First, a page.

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Next up we ventured over to the actual southern tip of the African continent, which is also the demarcation point between the Indian and Atlantic Oceans.  There was a nice raised monument of Africa at the point that kids loved running around on, thankfully none tripped on the mountain ranges while we were there.
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Our last night on this trip was spent in another seaside village called Hermanus.  It’s famous for whale watching basically any time of year except for summer.  We went for dinner at an amazing seafood restaurant called Harbour Rock.
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The town is raised above the beautiful, rough sea on rocky cliffs.  It’s a great place just to watch the waves even without whales.
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Another gorgeous South African tidal pool….I saw people swimming laps in here earlier in the morning when I went out to get coffee.
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Hermanus has a trail on the western section of the cliffs called simply The Cliff Path.  A lovely place for a walk through the fynbos.
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We took a very scenic route back to Cape Town and stopped at the “other” penguin viewing area: Stony Point near Bettys Bay.  It was awesome!  We loved it here.  Just like at Boulders, we could just watch these cute guys all day and we took way too many photos and videos here.  We thought it was even better than Boulders Beach as it was completely uncrowded even at noontime, no jockeying for parking, you could get closer to the penguins, and the admission price for us was 65 rands vs 400 at Boulders!  This penguin colony and the drive there are a must if you come to this area!  I’d say it’s better than the combo of Boulders Beach and the Chapmans Peak Drive.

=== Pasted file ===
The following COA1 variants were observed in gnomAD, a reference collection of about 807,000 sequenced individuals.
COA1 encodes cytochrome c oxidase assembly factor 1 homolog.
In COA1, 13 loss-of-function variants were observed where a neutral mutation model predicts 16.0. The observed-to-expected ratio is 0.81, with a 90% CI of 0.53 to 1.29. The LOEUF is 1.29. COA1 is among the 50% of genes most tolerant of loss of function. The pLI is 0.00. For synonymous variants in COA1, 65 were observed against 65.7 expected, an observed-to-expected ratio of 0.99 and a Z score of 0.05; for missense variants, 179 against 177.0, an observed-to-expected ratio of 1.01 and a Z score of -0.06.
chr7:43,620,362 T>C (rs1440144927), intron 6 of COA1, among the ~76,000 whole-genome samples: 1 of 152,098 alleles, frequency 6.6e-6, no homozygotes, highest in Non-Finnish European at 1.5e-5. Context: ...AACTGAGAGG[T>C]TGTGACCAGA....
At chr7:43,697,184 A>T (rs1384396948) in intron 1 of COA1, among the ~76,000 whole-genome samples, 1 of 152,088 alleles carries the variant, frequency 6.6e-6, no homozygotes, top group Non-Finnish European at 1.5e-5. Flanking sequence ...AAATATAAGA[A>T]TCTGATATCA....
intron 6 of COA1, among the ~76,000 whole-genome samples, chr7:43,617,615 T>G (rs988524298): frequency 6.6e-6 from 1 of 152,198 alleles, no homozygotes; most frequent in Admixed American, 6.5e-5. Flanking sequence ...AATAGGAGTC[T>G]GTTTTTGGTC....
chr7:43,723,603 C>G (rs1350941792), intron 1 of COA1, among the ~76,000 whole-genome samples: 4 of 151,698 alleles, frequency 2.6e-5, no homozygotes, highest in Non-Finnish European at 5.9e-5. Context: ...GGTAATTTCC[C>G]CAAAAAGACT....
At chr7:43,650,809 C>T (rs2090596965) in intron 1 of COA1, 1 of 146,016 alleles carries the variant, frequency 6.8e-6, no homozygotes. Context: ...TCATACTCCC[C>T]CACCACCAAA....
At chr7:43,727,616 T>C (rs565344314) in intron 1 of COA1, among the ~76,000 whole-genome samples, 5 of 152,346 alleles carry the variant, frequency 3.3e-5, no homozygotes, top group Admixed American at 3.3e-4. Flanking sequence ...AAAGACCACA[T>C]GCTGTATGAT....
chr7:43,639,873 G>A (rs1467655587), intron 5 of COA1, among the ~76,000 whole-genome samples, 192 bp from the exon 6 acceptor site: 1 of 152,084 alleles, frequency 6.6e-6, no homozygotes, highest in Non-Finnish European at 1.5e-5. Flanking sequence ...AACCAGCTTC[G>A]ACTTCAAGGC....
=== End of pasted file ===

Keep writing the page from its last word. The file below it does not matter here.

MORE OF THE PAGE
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Our final stop on our tour of the Western Cape – you got it – more penguins – back to Boulders Beach!  We had some spare time in the afternoon so we went back there to exchange some shirts at the gift shop that we’d purchased the previous weekend without trying first (oops!).  What a contrast to Stony Point – there was a lineup for parking, crowds of people waiting to get in…. but somebody got a new stuffy!

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Well, this ends another amazing adventure.  We’re at the Cape Town airport now where our air journey home will begin in a couple of hours.   This trip has been so full of “favorite parts” that none of us are really sure what to pick what was the best – the penguins seem to be coming out on top though.  We have all loved this part of South Africa; what a diverse country in terms of geography, scenery, and people.  And we’ve only just scratched the surface of this corner of the country!  We could easily come back and stay 4-6 weeks just in the Western Cape.  There is so much to do here and all of the people we met have been pretty amazing.  South Africa has a reputation for being extremely dangerous and plenty of people think that you’d might as well be murdered or at least mugged as soon as you get off the plane, we found the absolute opposite.  The times that we felt uneasy or sketchy were less than we would have if we’d spent the same amount of time in downtown Calgary; we didn’t even experience aggressive begging. That being said, we did hear about and see some of the conditions in South Africa that aren’t all roses:  there is still plenty of poverty to go around, the government is broke and corrupt, and it sounds like a lot of the “systems” are more or less set up for failure.  It must be very sad for South African people who have the ability to do so, to seriously consider leaving the country if things continue down this path.  It’s such a beautiful place.  A real gem of the world.  We are extremely grateful that we had the opportunity to visit this place at least once.